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65 results found for Water Use
UGA student Kaitlyn Lancaster passes out worms during her exhibit, while Alicia Boone (right) can't watch. CAES News
Science Night
Painting with worms. Learning more about birds. Matching wits with parents over fifth grade science questions. It’s all a part of making science fun for the whole family.
While parts of Georgia received almost 8 inches of rain this month other areas saw barely an inch of precipitation CAES News
October weather
Temperatures in Georgia were within one degree of normal across the state in October. Rainfall continued to be light across most of the state, continuing a trend from a dry September. A narrow band stretching from Columbus to the northeast mountains was the only area of the state that received higher than normal rainfall.
Endless summer hydrangea CAES News
Blue, pink or lavender?
Color variation in hydrangeas is due to the presence or absence of aluminum compounds in the flowers. If aluminum is present, the color is blue. If it is present in small quantities, the color is variable between pink and blue. If aluminum is absent, the flowers are pink.
CAES News
Central Georgia landscapes
Are you a new homeowner, or are you just looking for more confidence when you tackle projects around your home’s landscape? If you answered yes, chances are you’ve got some questions. Houston County Master Gardeners have designed a program that will provide you with answers.
Map showing precipitation totals across Georgia in July 2012. CAES News
July climate summary
Drought conditions in most parts of the state stabilized in July, although there was an increase in exceptional drought in west-central Georgia due to the heat and lack of rainfall.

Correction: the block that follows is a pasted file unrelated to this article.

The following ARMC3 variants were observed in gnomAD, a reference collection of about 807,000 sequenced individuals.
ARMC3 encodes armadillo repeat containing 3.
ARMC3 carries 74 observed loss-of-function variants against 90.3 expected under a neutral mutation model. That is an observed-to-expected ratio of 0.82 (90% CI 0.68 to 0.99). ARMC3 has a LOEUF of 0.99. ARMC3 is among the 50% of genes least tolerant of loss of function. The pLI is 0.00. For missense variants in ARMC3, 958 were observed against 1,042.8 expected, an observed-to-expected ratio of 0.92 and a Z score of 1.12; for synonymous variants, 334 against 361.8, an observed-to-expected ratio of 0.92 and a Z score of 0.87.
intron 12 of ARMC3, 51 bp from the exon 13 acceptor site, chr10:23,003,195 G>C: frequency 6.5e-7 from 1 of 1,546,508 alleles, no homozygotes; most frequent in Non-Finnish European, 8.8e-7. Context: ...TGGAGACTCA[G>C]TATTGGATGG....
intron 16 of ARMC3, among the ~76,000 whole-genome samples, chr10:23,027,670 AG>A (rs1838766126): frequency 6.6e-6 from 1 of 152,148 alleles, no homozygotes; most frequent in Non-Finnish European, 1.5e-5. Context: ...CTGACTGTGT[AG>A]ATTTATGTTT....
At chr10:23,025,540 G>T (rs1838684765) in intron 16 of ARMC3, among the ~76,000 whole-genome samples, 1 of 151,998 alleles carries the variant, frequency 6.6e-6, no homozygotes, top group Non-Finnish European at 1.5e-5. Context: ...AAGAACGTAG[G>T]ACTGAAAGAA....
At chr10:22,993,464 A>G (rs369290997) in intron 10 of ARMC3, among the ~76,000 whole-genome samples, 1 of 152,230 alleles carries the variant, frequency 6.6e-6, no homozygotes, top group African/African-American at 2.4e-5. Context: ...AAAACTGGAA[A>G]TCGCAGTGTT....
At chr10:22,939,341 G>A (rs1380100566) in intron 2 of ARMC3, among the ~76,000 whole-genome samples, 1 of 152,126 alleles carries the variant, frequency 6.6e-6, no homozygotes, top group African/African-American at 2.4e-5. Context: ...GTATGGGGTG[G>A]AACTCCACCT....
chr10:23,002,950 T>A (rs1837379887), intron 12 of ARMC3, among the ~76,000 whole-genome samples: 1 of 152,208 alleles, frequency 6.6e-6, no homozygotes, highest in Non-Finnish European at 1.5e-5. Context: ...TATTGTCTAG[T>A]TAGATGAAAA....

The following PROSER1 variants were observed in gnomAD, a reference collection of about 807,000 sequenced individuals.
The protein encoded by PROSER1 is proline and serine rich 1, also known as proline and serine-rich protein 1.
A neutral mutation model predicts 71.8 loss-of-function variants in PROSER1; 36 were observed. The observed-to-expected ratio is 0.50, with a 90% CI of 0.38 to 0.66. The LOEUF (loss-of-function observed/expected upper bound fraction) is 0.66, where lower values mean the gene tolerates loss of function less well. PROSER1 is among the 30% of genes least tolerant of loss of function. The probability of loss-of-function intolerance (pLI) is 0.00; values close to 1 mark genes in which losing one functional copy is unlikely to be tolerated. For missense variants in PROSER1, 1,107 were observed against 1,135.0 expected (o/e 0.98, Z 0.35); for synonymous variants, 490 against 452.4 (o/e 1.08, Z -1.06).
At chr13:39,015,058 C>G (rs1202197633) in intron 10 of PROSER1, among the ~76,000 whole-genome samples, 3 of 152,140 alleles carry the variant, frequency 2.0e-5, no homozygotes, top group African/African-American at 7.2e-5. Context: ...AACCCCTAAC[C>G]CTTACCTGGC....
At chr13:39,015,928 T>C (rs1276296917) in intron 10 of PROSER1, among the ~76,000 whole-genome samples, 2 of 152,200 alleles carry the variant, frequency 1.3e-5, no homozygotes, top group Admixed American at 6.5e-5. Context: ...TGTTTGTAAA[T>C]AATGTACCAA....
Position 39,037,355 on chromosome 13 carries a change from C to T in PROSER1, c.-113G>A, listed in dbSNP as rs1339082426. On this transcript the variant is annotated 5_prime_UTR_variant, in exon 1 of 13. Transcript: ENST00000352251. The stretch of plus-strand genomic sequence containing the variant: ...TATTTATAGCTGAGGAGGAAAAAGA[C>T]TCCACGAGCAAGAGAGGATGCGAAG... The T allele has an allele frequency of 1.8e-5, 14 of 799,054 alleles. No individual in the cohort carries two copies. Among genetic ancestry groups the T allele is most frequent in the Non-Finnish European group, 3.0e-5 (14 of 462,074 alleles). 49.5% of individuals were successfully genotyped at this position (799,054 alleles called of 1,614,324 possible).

Portable irrigation sets on a sod farm in Fort Valley, Ga. CAES News
Water grass wisely
There have been isolated showers across the state, but many areas have not received the much needed rain. Unless you have been watering it, the grass in your lawn is probably wilted and browning. But if you’ve been watering improperly, you may still find yourself with a less-than-healthy lawn.
Tomato leaves can curl in response to environmental stresses, like lack of water, or as a symptom of a disease, like tomato leaf curl virus, shown here. CAES News
Tomato leaf roll
University of Georgia Cooperative Extension agents, like myself, are getting several phone calls about the leaves on homegrown tomato plants curling and rolling inward. Curling or rolling of tomato leaves can be caused by various factors including environmental stresses, a virus or herbicide damage.
Container garden including several different plants CAES News
Hot weather stress
When the temperatures reach triple digits, we hear plenty on the news about how to take care of our pets and ourselves, but not much about our plants. Recent record temperatures can obliterate our lawns and ornamentals in just a few hours if these plants are already under stress for other reasons.
Plants love the summer sun, but June's triple-digit days had plants, and their caretakers, wilting across the state. CAES News
Too hot for plants
When temperatures start heading into 3-digit territory, even the most sun-loving plants can start suffering from the effects of Georgia’s mid-summer sauna.
Cooperative Extension Southwest District 4-H'ers play beneath center pivot irrigation at the 2012 4-H20 camp at Stripling Irrigation Research Park in Camilla, Ga. CAES News
South Georgia 4-H'ers have fun learning about water conservation.
Dozens of 4-H students playing under the dangling spray nozzle of a center pivot irrigation system may look like a fun way to cool off in the south Georgia heat. But it’s also a lesson in water conservation.